KIEV: Ukraine on Monday reported a partial withdrawal of Russian troops from its border amid growing signs the Kremlin was ready to de-escalate the worst East-West standoff since the Cold War.
The announcement came in the wake of a four-hour meeting in Paris between US Secretary of State John Kerry and Russia’s Foreign Minister Sergei Lavrov that ended with an exchange of political proposals and an agreement to talk again soon.
In Berlin German Chancellor Angela Merkel’s office said Russian President Vladimir Putin had personally informed her of the troop pullback in a phone call on Monday, but provided no other details.
German Foreign Minister Frank-Walter Steinmeier called the troop movements “a small sign that the situation is becoming less tense”.
Both Western powers and the new pro-European interim leaders in Kiev have been increasingly worried that the Kremlin intends to seize heavily Russified southeastern parts of Ukraine after annexing its Crimea peninsula in response to the fall in February of the Moscow-backed president in Kiev.
The United States said it would welcome any Russian move to pull its forces back, but did not confirm reports that it had begun to do so.
“If reports that Russia is removing some troops from the border region are accurate, it would be a welcome preliminary step,” US State Department spokeswoman Jen Psaki said.
“We would urge Russia to accelerate this process.”
Any apparent easing of Russia’s position was offset by an unannounced visit to Crimea by Prime Minister Dmitry Medvedev — the most senior Moscow official to visit the Black Sea peninsula since its March 16 vote to come under Kremlin rule.
The Ukrainian defence ministry said the start of the Russian troop drawdown appeared to coincide with a phone call that Putin had unexpectedly placed to US President Barack Obama on Friday evening.
“In recent days, the Russian forces have been gradually withdrawing from the border,” the ministry’s general staff spokesman Oleksiy Dmytrashkivskiy told Agence France-Presse in a telephone interview.
He could not confirm how many soldiers were involved. US and EU officials had earlier estimated that Russia’s sudden military buildup had reached 30,000 to 40,000 troops.
Kiev’s Centre for Military and Political Studies analyst Dmytro Tymchuk said his sources were reporting only 10,000 Russian soldiers on the border by Monday morning.
Kiev said it had not been formally notified of any drawdown by Moscow.
“This could be linked to a regular rotation of soldiers,” said Dmytrashkivskiy.
Russia’s defence ministry confirmed on Monday it had relocated one battalion — usually comprised of about 500 soldiers — that had been stationed near Ukraine back to its permanent base but reported no other movement of troops.
Analysts have noted that the focus now appears to be on preventing further Russian expansion into Ukraine and other neighbouring countries, though US Secretary of State John Kerry stressed again on Sunday that Washington still views Crimea’s annexation as “illegal and illegitimate”.
Kerry will join other NATO foreign ministers in Brussels on Tuesday, where the alliance will confirm the suspension of cooperation with Moscow, as agreed earlier in the month.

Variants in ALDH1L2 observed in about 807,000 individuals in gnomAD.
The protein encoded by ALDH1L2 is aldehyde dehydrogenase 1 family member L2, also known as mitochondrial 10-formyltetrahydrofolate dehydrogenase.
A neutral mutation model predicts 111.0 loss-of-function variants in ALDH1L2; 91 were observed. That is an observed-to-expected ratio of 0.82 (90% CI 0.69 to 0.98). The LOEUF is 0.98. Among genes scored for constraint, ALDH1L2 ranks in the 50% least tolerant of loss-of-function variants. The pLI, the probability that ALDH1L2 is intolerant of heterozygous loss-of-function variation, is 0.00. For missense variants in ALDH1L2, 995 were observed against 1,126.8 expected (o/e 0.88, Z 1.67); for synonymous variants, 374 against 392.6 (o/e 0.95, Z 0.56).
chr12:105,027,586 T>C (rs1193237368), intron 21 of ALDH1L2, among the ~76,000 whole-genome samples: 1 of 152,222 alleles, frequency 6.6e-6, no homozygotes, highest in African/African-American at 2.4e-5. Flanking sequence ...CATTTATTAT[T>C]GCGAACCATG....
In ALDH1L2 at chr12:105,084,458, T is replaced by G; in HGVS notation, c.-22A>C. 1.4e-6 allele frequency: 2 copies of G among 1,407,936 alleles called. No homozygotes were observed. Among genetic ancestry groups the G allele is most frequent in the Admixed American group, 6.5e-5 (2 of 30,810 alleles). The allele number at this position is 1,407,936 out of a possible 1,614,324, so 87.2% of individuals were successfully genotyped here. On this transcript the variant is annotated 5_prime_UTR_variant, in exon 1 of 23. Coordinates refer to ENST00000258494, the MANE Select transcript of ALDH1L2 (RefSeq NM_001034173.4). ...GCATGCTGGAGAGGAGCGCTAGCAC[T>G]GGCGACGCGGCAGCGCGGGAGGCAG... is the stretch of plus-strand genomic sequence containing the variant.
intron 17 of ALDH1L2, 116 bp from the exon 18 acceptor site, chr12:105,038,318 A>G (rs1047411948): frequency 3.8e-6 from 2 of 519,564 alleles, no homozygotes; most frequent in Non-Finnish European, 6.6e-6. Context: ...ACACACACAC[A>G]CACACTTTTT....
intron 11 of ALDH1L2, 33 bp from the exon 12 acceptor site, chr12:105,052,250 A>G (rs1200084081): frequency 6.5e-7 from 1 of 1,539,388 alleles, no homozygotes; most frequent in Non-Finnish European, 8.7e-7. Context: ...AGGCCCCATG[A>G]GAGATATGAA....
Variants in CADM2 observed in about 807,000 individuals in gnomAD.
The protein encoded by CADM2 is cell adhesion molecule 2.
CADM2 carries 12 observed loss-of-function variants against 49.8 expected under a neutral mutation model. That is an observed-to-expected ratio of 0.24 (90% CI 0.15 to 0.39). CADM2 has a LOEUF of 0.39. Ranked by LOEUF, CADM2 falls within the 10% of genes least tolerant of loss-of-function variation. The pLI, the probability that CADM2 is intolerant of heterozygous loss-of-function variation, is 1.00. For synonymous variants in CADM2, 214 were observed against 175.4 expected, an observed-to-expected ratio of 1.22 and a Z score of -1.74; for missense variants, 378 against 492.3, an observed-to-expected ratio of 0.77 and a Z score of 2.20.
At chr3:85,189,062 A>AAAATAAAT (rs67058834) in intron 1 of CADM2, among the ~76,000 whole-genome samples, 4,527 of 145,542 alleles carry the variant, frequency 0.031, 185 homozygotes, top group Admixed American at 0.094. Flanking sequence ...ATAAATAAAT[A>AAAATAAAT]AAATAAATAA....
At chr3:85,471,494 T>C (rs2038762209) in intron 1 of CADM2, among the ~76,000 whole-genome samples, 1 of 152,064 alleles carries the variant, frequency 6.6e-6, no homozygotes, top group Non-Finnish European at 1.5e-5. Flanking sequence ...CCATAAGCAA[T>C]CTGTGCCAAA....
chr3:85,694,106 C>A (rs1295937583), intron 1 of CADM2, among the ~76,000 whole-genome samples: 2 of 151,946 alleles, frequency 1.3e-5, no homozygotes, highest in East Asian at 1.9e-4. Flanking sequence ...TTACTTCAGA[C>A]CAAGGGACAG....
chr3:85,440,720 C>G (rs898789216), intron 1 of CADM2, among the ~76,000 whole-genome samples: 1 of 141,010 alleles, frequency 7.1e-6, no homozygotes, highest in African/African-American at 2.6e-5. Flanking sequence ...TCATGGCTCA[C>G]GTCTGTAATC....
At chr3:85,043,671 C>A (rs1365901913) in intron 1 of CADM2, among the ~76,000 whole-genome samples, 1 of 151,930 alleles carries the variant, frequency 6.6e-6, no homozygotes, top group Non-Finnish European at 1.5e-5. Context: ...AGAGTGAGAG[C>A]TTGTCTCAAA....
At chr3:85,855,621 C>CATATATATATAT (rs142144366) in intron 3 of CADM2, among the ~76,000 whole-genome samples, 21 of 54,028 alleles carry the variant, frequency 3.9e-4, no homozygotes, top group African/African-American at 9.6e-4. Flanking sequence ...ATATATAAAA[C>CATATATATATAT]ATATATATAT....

NATO has not ruled out the possibility of placing permanent military bases in the Baltic countries — breaking a promise made to Russia in the 1990s that it would keep permanent troops out of new member countries that border Russia.
“It is clear that Russia has not played by the rules, has not been consistent with our partnership … so we can review our own rules,” said Douglas Lute, the US ambassador to NATO on Monday.
In Crimea, Medvedev led a delegation of cabinet ministers to its main city of Simferopol and the historic port of Sevastopol.
The close Putin ally promised to modernise Crimea’s crumbling infrastructure by turning the region into a “special economic zone” of Russia that would attract investments through lower tax rates.
Ukraine’s foreign ministry denounced Medvedev’s visit as “a grave violation… of international law”.
The hastily arranged meeting in Paris between Kerry and Lavrov late Sunday concluded without any evident change in Russia’s stance.
Lavrov reiterated Moscow’s demand that Ukraine be turned into a federation in which the regions enjoy broader autonomy from Kiev and have the right to declare Russian as a second official language — a line which Putin pressed during his call to Merkel.
“Putin stressed the importance of holding constitutional reforms,” a Kremlin statement said.
Washington remains wary that the Kremlin will use decentralisation in Ukraine to weaken Kiev’s control on regions with large numbers of Russian speakers who Putin has vowed to “protect”.
Kerry insisted after the meeting that he did not discuss the federation idea with Lavrov in detail because Ukrainian officials had not been invited to Paris.
“We will not accept a path forward where the legitimate government of Ukraine is not at the table. This principle is clear. No decisions about Ukraine without Ukraine,” Kerry said.
Ukraine’s new leaders have been willing to give more authority to local legislatures and allow the regions to elect their own governors, who are currently appointed by Kiev.
But they also refuse to grant regions the right to set up their own economic and social policies that might boost their reliance on Russia.
“Lavrov, Putin and Medvedev can suggest as many ideas as they want for resolving Russia’s problems — but not for resolving our problems,” Ukraine’s acting President Oleksandr Turchynov told reporters on Monday. AFP